[On some sites called Fillette nue au panier de fleurs (Le panier fleuri)]
Gertrude Stein was angry when Leo, her brother, bought Picasso’s Fillette à la corbeille fleurie (Young Girl With a Flower Basket) in 1905. The Steins were shown the painting by Clovis Sagot, the former circus clown who had become Picasso’s dealer in Montmartre. The painting is of a pubescent girl, naked and pale against a chalky blue ground. Her side-on silhouette seems borrowed from an Egyptian frieze, but there is nothing stylized in the awkward way she clutches a self-consciously symbolic punnet of blowsy, blood-red blooms. The girl’s stare is a troubling “what are you looking at?” admonition; there is a double string of pearls around her neck, and a line of crimson on her lips. A vague sense of duress challenges the viewer, through the painter’s eyes.
Gertrude Stein was mostly put off by the young woman’s proportions. She thought Picasso’s girl had too-long legs and found her clumsy-looking feet “repulsive”. But her brother prevailed. Picasso was then 23 years old and this was the first significant purchase of his work the Steins had made. The painting was hung in their house at 27 rue de Fleurus, where Picasso became a regular visitor. It grew on Gertrude. She held on to it when she and Leo fell out; he had the Cezannes.
For the next couple of weeks, Picasso’s discomfiting portrait will be briefly in London, coolly staring down her viewers. The painting was acquired by the late David Rockefeller and it is among the multiple headline acts in the sale of 1,600 of his artworks, which the auctioneer Christie’s believes will be a record-breaking charity sale in New York in May.
After Stein’s death in 1946, the Picasso was passed along with the rest of the collection to her partner Alice B. Toklas and, on her death in 1967, Rockefeller created a consortium of friends to buy the paintings. Having put in a million dollars each they drew lots from a felt hat to determine who had first pick. David Rockefeller drew number one, and chose the girl with her basket (he also chose Picasso’s singular Pomme, the angular apple painted for Stein to fill the Cezanne-shaped hole in her life). Up until David Rockefeller’s death, at 101, last year, the flower girl was on the wall of the Rockefellers’ Upper East Side mansion in New York. Again, the painting was not a favorite of Rockefeller’s wife, Peggy; he had it facing his desk in his library....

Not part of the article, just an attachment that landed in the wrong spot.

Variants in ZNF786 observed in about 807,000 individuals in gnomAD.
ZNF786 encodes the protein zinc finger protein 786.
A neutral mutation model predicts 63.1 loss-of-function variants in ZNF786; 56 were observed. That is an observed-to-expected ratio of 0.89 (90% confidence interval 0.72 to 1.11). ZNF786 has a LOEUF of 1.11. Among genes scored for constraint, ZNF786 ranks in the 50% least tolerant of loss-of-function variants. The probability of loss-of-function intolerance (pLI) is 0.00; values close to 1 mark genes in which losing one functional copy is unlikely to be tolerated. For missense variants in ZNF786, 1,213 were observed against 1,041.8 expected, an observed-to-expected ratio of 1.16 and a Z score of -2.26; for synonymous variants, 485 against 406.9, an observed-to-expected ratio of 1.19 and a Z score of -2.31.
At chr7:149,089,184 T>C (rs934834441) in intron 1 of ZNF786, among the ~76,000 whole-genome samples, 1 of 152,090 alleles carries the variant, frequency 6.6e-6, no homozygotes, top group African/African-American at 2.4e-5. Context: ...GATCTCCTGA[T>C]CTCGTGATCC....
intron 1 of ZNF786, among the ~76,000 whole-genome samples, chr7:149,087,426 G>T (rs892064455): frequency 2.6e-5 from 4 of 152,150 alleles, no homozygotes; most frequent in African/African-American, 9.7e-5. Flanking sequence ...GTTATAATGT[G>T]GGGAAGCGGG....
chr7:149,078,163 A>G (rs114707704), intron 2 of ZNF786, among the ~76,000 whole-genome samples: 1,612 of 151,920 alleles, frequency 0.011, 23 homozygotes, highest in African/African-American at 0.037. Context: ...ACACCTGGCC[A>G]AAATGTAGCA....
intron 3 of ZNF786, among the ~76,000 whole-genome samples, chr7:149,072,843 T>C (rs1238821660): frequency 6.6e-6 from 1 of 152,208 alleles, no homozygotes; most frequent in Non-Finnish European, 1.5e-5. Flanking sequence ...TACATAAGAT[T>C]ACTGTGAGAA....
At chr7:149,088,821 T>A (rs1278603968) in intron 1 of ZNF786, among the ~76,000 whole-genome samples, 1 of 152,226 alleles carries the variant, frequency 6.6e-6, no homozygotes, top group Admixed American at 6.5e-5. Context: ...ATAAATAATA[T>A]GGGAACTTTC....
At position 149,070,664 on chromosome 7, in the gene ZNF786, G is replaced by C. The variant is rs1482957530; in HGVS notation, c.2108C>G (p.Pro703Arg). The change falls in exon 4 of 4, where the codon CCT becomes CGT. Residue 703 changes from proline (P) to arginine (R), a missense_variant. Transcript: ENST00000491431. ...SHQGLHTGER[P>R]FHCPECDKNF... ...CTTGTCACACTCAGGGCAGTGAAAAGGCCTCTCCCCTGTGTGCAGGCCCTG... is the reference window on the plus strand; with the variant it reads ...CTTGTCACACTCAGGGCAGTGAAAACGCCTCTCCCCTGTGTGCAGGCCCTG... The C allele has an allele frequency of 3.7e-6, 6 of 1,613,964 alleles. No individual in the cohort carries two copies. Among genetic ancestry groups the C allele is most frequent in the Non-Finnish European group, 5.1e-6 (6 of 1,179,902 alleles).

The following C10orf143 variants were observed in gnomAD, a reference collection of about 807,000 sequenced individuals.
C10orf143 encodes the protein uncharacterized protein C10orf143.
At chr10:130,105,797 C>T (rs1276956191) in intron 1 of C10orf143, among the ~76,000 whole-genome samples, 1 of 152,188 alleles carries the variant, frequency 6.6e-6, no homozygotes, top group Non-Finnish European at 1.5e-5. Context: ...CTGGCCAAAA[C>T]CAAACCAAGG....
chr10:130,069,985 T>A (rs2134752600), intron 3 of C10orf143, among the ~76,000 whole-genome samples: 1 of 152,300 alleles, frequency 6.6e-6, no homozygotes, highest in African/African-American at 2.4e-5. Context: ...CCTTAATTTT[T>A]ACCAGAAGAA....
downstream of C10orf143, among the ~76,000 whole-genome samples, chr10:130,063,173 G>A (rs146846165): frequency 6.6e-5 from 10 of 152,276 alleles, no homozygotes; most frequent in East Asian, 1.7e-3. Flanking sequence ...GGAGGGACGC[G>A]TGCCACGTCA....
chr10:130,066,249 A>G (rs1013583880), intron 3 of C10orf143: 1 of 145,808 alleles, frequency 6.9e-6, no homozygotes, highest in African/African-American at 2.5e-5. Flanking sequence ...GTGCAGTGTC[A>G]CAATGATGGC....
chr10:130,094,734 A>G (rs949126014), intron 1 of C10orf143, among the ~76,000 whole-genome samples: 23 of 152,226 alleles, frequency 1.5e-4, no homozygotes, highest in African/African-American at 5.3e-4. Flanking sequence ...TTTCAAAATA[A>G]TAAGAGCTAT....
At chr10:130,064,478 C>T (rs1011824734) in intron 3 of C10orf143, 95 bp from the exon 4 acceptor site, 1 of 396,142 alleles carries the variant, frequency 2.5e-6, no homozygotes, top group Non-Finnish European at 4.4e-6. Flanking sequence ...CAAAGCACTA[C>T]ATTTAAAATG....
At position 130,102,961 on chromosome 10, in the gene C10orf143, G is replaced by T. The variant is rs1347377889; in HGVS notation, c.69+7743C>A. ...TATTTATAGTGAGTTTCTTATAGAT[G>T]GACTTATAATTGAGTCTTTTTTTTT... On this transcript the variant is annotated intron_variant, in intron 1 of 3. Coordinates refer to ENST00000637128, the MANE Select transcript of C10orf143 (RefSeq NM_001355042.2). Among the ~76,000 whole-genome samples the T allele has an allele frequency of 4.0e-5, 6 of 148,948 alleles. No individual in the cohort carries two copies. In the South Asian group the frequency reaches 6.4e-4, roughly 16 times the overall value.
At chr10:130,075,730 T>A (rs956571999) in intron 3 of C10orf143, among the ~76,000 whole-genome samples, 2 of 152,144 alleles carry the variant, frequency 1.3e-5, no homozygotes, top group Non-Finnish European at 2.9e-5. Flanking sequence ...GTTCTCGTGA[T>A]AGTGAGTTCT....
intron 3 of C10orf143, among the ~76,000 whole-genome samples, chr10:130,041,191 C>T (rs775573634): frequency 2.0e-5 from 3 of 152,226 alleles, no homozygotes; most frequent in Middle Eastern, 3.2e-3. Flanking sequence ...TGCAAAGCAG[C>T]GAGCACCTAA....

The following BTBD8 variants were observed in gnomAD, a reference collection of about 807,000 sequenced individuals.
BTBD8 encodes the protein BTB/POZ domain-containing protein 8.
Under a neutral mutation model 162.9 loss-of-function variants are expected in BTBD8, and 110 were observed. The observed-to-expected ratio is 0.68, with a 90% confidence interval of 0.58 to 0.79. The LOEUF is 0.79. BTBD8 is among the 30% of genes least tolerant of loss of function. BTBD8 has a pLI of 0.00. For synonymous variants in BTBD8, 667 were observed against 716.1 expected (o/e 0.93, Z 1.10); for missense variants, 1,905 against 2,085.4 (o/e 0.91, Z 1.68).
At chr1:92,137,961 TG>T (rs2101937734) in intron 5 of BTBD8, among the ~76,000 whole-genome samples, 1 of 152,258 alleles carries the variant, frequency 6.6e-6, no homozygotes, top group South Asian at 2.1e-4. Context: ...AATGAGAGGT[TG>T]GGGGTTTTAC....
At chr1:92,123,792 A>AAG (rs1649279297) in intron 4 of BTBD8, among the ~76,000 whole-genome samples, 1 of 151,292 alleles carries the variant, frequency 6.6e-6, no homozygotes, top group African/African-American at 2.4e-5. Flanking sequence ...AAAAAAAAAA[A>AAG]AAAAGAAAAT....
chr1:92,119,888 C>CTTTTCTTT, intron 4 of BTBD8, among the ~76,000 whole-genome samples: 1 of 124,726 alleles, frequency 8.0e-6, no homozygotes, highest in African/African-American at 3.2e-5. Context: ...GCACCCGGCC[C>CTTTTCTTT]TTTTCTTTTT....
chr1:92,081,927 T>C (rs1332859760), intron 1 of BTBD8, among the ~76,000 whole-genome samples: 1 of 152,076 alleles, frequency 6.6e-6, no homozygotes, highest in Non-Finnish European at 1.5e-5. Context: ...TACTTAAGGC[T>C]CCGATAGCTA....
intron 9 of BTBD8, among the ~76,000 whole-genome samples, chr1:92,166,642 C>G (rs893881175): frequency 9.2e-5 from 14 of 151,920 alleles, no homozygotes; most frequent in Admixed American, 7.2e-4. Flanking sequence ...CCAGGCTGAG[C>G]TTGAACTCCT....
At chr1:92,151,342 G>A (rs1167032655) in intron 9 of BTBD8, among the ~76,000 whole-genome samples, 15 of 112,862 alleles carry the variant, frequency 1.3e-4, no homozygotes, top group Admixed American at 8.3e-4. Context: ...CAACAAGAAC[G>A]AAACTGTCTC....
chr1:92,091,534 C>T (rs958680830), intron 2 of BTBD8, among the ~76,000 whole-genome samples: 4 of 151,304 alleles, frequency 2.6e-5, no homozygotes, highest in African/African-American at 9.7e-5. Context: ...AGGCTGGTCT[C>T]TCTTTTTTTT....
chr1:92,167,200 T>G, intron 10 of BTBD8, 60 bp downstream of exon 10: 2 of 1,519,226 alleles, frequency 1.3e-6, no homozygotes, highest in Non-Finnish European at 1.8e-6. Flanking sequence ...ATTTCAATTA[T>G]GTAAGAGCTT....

The piece with the highest price tag was a 1905 portrait by Pablo Picasso titled "Fillette a la corbeille fleurie." The painting sold for $115 million - but also has kicked up controversy over the artist's sexualized depiction of a young girl in the current "MeToo" atmosphere.
The Picasso canvas dates back to the artist's "Rose" period, a stretch of time when Picasso was still relatively unknown and dirt poor, scratching out a meager bohemian living in Paris's Montmartre. The painting features a nude prepubescent girl holding flowers before a blue background. According to an essay in the Christie's catalogue, "as it would have been clearly understood at that time - the flowers were a come-on, she was actually a prostitute."
Picasso biographer John Richardson says the painting's subject was a girl named Linda who "sold her body as well as her roses outside the Moulin Rouge." She also posed for artists, including Amedeo Modigliani and Picasso.
The painting also was the artist's gateway into one of the most pivotal relationships in Picasso's early career. Not long after the canvas was completed, it was purchased by Leo and Gertrude Stein, the American brother and sister who would become leading patrons of the modernist movement. "[I]t was very cheap," Gertrude Stein recalled in her autobiography. "The picture was the now well-known painting of a nude girl with a basket of red flowers."
Picasso met the Steins shortly after they purchased the painting, and he would become a fixture at the family's salon, a hot spot for modernist writers, artists, and thinkers.
With $115 million, the winning bidder for Fillette a la Corbeille Fleurie (Young Girl With Basket of Flowers) at Christie’s on Tuesday night took ownership of one of the most expensive Picassos ever sold.
...Fillette à la corbeille fleurie is an especially “charming thing, a lovely thing, a perplexing thing...” as Gertrude Stein described Picasso’s early work.... Accompanying this picture are stories that have contributed to its esteemed and celebrated status down through the decades, commencing from the time Picasso painted the canvas and extending through the tenures of the two famous families that have owned it—first the Steins, and thereafter Peggy and David Rockefeller.
HuffPost’s Priscilla Frank said, “Linda’s is a paradoxical position many women deemed ‘muses' occupy, their images iconic and their identities irrelevant.”
“For centuries, women like Linda, who pose for and collaborate with powerful male artists, have been seen but not heard, objectified rather than humanized.”